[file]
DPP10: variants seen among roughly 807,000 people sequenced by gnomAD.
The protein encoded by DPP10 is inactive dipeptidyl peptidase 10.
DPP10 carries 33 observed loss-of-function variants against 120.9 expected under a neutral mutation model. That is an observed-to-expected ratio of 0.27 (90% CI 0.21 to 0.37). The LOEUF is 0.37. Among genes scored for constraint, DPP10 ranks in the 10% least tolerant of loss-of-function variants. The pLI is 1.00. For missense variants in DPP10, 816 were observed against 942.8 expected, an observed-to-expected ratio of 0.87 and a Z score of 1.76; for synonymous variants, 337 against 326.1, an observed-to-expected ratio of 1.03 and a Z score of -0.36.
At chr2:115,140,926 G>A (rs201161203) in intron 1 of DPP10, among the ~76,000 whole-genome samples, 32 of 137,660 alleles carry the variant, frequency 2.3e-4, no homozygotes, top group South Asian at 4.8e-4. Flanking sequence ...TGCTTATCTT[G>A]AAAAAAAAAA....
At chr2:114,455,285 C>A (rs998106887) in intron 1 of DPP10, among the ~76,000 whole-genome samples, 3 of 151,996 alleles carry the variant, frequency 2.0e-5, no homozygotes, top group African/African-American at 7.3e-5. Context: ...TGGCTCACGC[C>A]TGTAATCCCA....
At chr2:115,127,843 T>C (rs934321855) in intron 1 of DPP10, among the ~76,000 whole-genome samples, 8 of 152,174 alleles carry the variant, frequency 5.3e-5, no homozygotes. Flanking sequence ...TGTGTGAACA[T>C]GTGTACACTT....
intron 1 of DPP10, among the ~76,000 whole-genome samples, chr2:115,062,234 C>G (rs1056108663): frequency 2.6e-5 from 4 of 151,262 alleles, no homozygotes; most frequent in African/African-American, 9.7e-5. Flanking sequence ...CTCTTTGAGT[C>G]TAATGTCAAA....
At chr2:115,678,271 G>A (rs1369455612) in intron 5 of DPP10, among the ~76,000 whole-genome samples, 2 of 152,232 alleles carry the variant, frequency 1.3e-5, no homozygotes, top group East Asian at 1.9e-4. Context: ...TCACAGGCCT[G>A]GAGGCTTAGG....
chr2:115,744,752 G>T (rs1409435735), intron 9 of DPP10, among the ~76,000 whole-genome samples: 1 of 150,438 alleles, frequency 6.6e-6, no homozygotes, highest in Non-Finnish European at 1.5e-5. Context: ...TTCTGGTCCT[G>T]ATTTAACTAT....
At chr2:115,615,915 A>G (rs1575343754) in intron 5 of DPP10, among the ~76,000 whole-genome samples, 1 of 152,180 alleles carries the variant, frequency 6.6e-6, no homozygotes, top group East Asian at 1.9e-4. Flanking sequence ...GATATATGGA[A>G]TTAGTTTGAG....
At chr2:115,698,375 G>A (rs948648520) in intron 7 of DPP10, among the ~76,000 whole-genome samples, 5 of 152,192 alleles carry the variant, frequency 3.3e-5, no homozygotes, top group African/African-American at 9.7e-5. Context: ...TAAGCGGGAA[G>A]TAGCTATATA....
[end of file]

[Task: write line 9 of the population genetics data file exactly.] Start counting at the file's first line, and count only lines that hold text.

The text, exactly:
chr2:115,744,752 G>T (rs1409435735), intron 9 of DPP10, among the ~76,000 whole-genome samples: 1 of 150,438 alleles, frequency 6.6e-6, no homozygotes, highest in Non-Finnish European at 1.5e-5. Context: ...TTCTGGTCCT[G>T]ATTTAACTAT....